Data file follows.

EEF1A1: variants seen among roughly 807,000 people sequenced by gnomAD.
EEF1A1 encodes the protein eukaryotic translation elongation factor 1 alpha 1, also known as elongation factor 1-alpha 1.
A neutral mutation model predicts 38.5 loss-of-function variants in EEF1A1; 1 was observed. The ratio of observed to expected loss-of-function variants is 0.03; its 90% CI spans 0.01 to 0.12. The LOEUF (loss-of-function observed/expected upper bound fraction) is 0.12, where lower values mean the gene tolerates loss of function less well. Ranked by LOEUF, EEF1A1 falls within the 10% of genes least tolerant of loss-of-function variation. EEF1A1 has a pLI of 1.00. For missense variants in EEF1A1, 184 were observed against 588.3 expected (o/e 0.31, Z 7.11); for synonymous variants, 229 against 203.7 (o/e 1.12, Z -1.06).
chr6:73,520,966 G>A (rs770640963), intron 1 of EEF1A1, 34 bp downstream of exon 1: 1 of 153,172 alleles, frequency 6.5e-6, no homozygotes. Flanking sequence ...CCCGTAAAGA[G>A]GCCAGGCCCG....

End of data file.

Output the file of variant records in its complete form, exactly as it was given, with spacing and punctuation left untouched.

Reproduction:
EEF1A1: variants seen among roughly 807,000 people sequenced by gnomAD.
EEF1A1 encodes the protein eukaryotic translation elongation factor 1 alpha 1, also known as elongation factor 1-alpha 1.
A neutral mutation model predicts 38.5 loss-of-function variants in EEF1A1; 1 was observed. The ratio of observed to expected loss-of-function variants is 0.03; its 90% CI spans 0.01 to 0.12. The LOEUF (loss-of-function observed/expected upper bound fraction) is 0.12, where lower values mean the gene tolerates loss of function less well. Ranked by LOEUF, EEF1A1 falls within the 10% of genes least tolerant of loss-of-function variation. EEF1A1 has a pLI of 1.00. For missense variants in EEF1A1, 184 were observed against 588.3 expected (o/e 0.31, Z 7.11); for synonymous variants, 229 against 203.7 (o/e 1.12, Z -1.06).
chr6:73,520,966 G>A (rs770640963), intron 1 of EEF1A1, 34 bp downstream of exon 1: 1 of 153,172 alleles, frequency 6.5e-6, no homozygotes. Flanking sequence ...CCCGTAAAGA[G>A]GCCAGGCCCG....